# Full text of "History Of The Theory Of Numbers - I"

## See other formats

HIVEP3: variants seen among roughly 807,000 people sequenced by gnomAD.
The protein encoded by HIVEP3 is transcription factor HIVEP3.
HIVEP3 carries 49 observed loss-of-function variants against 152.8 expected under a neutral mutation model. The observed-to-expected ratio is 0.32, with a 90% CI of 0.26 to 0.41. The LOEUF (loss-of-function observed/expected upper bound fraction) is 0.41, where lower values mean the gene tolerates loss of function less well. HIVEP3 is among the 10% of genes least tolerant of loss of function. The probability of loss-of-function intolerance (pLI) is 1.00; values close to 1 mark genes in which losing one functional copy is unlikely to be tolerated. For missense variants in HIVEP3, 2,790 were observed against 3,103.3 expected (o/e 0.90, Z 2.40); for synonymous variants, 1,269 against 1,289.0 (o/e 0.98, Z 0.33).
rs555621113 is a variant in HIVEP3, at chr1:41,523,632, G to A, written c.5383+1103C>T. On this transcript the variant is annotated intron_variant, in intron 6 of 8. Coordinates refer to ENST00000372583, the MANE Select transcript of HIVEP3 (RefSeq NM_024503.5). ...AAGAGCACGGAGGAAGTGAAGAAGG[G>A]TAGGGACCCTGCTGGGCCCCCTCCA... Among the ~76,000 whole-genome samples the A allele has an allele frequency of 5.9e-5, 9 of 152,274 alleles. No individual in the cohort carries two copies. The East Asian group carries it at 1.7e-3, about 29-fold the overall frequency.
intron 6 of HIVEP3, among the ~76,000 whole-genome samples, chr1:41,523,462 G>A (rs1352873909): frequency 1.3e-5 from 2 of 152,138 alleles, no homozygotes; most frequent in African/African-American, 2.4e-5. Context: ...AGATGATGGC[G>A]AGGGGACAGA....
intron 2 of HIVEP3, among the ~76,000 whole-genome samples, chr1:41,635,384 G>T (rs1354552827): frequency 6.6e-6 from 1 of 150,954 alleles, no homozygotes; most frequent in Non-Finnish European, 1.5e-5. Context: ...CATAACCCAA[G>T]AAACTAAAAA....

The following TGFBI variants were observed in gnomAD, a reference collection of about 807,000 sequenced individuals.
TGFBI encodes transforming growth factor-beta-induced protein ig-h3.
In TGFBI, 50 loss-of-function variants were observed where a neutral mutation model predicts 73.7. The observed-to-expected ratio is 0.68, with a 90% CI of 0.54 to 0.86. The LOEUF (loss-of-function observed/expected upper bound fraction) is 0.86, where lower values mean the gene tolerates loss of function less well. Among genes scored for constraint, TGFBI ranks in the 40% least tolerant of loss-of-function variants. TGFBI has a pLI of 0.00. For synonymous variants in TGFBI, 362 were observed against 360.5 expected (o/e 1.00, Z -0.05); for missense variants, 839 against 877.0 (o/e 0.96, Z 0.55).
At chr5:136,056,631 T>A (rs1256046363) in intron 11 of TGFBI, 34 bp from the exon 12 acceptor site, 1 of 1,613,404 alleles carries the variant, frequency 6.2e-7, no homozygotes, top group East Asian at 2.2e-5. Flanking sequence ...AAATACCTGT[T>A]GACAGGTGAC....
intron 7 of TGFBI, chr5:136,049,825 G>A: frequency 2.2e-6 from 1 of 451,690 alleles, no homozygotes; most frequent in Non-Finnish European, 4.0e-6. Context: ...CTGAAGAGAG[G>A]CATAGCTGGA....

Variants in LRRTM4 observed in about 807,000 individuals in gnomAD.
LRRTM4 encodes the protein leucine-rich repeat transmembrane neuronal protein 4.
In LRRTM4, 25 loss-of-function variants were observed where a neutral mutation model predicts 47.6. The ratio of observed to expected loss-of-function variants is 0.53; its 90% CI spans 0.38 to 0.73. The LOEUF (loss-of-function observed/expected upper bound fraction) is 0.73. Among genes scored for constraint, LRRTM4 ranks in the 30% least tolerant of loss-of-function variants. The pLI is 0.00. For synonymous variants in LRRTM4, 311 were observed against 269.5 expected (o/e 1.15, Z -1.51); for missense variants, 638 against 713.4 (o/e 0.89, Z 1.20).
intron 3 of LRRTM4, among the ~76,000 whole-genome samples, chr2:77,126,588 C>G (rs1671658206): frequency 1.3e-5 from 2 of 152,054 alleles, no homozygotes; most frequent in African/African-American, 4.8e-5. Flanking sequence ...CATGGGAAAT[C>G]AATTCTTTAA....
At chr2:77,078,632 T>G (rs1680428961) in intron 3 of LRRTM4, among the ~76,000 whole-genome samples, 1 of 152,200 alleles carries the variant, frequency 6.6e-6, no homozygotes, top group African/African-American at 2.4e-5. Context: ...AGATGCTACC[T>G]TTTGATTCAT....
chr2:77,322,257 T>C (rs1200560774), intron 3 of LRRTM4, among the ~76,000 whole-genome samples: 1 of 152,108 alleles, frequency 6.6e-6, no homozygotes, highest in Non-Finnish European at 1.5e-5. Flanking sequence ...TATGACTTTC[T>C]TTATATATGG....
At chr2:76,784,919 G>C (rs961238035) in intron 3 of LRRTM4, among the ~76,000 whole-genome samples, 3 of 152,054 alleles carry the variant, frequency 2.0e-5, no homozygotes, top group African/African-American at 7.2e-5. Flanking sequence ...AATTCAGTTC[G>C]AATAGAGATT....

212 HISTORY OF THE THEORY OF NUMBERS. [CHAP, vii Ladrasch178 obtained known results on afea for any modulus. V. Bouniakowsky179 gave a method of solving g-3z= =«=r (mod P), where P is odd. His first illustration is 3*==*=! (mod 25). Write the integers ^(25 —1)/2 in a line. Under the first four write in order the integers =0 (mod 3); under the next four write in reverse order those ==1; under the last four write in order those =2. 1* 2* 3* 4* 3 6 9 12 5 6* 7* 8* 10 7 4 1 9* 10 11* 12* 2 5 8 11 Mark with an asterisk 1 in the first line; below it lies 3; mark with an asterisk 3 in the first line; etc. The number 10 of the integers marked with an asterisk is the least solution x of 3Z= — 1 (mod 25). The sign is determined by the number of integers in the second set marked by an asterisk. The method applies to any P = 6n+l. But for P = 6n+5, we use for the second set of numbers hi the second line those =2 (mod 3) hi reverse order, and for the third set those =1 in order. If P = 23, we see that each of the 11 numbers in the first line are marked with an asterisk, whence 3us=-l (mod 23). A like marking occurs for P = 5, 11, 17, 29. For P = 35, 12 numbers are marked, whence 12 is the least x for which 3X=1 (mod 35). Starting with the unmarked number 5, we get the cycle 5,15, 10, whence 33= -1 (mod 7); similarly, the cycle 7,14 gives 32= -1 (mod 5). For g-3*==±=4 (mod 25), we begin with 4 hi the second row. Since it lies below 7, we mark 7 with an asterisk in the second row; etc. We use an affix n on the number which is the nth marked by an asterisk. 1234 3*6 6*3 9*5 12* 5678 10 7*24*11*7 9 10 11 12 2*4 5 g*8n*9 For g = ll, we have the entry 8*8 below 11; hence ll-38= — 4, the sign following from the number of entries ^ 8 in the second set which are marked with an asterisk. Similarly for any q^ 12, except g = 5, 10. Bukaty180 discussed the formula of Wronski.169 T. N. Thiele181 used a mosaic (empty and filled squares on cross-section paper) to test y2^d(mod c), where c is an integer or Gauss complex integer a-j-bV — 1, employing the graph of y2—cx = d. Dittmar182 discussed ofer (mod p). Using Cauchy's14 explicit congruence for the numbers belonging to a given exponent, he gave the expanded form of the congruence with the roots belonging to the successive exponents 178Von den Kubischen Resten u. Nichtresten, Progr., Dortmund, 1870. 179Bull. Ac. Sc. St. PStersbourg, 14, 1870, 356-375. 180D6duction et demonstration de trois lois primordiales de la congruence des nombres. Paris, 1873. 181(1 Om Talmonstre," Forhandl. Skandinaviske Naturforskeres, Kjobenhavn, 11, 1873, 192-5. 182Die Theorie der Reste, insbesondere derer vom 3. Grade, nebst einer Tafel der Kubischen Reste aller Primzahlen der Form 6n-f-l zwischen den Grenzen 1 und 100. Progr. K6ln Gym., Berlin, 1873.